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Once upon a time, I used to think that words had specific meanings. I now realize that when Humpty Dumpty said, “When I use a word, it is used to mean just what I choose it to mean- neither more nor less”, the egghead was on to something. Although he was full of it and the yolk was on him, he had a promising future in politics until his untimely fall from grace. Even the King could not reconstitute his previous state. We have become used to this.
I strive to employ the precise word that refers to the precise meaning I wish to convey. The English language excels at two things - providing a plethora of words with the same basic meaning yet possessing exactitude of meaning befitting of Robin Hood’s splitting the proverbial arrow in the center of the target. Robin Hood allegedly split an arrow; the English language can split hairs, or miss the target completely. It’s all up to the skill of the archer, or author.
I would paraphrase Mr. Dumpty in this way, so as to exemplify my intended use of American English, thusly:
“When I choose a word, I choose a word that means exactly what I mean - neither more nor less nor something else.” (There are exceptions when I choose a word precisely due to its inexact or multiple meanings.)
My intent here is to produce a column at irregular intervals pointing out some of the interesting aspects of the English language. I might perhaps instead focus on the oddities of the French language- for example, objects must have a sex assigned to them- le, la, whatever- “le” vs. “la”, but I failed High School French due to a lack of interest (and perhaps, in part, to my French teacher’s Southern accent- American South, not Basque French- the running class joke was “Bonjour, y’all!”) If it were up to me, an éclair would be masculine in French (right shape, and squeeze it and goo comes out) and doughnuts would be obviously feminine (or anal, they do kind of pucker, sphincter-like. I’m not sure if French has an anal tense. It should have an oral tense. My anus would certainly be tense, particularly in Greece. Does Greek have an anal tense?)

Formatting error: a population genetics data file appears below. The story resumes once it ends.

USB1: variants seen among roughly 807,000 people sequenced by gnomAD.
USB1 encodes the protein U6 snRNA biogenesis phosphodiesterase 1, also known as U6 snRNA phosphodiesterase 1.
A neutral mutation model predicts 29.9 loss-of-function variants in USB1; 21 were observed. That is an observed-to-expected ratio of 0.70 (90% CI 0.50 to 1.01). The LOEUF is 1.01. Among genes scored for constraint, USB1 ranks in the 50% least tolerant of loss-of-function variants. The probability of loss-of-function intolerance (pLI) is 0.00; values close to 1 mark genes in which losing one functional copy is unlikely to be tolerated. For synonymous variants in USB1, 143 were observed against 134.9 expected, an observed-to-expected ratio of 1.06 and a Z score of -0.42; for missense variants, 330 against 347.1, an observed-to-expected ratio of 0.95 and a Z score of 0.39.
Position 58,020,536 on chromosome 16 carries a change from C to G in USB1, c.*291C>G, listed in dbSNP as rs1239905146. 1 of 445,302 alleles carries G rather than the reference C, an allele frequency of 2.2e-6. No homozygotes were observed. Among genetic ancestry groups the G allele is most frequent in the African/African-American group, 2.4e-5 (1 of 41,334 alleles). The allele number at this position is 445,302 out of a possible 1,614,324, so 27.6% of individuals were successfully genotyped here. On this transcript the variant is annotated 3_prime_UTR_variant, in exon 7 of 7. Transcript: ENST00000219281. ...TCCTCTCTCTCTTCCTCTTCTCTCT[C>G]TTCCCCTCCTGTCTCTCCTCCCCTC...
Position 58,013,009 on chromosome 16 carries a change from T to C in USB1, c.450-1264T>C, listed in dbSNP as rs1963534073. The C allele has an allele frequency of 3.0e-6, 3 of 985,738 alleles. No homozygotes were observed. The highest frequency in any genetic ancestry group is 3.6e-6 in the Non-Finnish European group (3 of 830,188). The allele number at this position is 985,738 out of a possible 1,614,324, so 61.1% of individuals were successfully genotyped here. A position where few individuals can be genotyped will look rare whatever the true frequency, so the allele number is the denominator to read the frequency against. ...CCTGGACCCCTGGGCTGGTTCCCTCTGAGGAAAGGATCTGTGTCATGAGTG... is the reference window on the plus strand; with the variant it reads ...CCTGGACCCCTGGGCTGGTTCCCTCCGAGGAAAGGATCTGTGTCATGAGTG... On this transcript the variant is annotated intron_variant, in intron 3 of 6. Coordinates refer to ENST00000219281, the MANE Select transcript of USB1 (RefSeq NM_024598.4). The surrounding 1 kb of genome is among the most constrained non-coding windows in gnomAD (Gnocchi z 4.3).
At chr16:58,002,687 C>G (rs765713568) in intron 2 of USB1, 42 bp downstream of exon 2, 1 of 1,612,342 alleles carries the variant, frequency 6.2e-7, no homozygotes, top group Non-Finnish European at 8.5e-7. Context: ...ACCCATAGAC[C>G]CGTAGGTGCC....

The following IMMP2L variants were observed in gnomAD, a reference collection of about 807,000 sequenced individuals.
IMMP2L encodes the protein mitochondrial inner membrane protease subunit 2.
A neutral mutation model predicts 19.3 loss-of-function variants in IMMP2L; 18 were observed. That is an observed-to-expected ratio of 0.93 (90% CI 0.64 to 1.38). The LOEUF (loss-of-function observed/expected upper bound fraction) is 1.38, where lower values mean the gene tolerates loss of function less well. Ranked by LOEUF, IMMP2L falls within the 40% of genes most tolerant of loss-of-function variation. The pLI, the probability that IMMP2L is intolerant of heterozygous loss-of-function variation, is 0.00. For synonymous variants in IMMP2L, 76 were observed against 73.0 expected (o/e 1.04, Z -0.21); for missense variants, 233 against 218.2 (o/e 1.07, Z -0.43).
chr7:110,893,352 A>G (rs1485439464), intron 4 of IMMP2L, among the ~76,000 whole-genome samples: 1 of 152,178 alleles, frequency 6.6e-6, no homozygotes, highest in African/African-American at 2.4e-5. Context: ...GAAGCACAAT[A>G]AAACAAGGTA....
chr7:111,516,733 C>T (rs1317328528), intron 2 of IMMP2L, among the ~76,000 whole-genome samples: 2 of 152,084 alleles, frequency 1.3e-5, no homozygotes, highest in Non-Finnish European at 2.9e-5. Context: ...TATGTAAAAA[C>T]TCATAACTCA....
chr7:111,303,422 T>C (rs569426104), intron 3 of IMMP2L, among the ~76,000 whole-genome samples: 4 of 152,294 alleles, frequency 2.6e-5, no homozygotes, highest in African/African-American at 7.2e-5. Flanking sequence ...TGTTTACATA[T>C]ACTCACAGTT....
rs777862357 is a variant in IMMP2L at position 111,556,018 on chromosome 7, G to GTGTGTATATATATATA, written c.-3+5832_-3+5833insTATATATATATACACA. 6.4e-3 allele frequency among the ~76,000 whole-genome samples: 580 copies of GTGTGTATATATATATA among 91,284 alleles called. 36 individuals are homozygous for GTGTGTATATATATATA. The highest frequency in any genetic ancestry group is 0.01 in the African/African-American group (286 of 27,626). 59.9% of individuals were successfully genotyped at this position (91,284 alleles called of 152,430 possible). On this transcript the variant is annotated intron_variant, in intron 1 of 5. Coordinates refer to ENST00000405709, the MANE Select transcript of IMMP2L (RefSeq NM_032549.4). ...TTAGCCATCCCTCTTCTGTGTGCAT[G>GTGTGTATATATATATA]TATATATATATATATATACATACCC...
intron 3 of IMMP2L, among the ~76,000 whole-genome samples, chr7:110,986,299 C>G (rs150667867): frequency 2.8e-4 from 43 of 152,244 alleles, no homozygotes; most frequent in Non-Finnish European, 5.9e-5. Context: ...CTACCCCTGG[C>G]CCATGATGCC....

Please consider the preceding as an introduction to my irregular column- (and please disregard the unfortunate mention of both irregular and anus in the same article, and apologies to any offended nationalities).
Today I will discuss the phrase “used to”.
I have used the phrase “used to” in three different meanings in the first paragraph of this article in order to illustrate my point.
In the first sentence I used “used to” as synonymous with “in the past, implicitly no longer so”, i.e., “I used to think…”
In the second sentence, “used to” is used to mean, “employed to or consumed to”, as in “It is used to mean just what I mean it to mean”. This may be considered the primary meaning.
One must wait for the fifth sentence, the last of the first paragraph, to see “used to” as in “We have become used to”
as synonymous with “ We have become accustomed to”.
(Note “S” vs. “Z” sounds for different usages.)
This last meaning merges with the goals of politicians and other mass marketers. We are comfortable with the familiar. Language may convey and condone the status quo, and counterculture slang defies and defiles it. Masses tend to trend, herd-like.
… but that’s a whole ‘nother column.
Next Time: #2: How Come?
"A foolish consistency is the hobgoblin of little minds, adored by little statesman and philosophers and divines. With consistency a great soul has simply nothing to do."
- Ralph 'Where's Waldo' Emerson
"I don't know half of you half as well as I should like. And I like less than half of you half as well as you deserve."
- Bilbo Baggins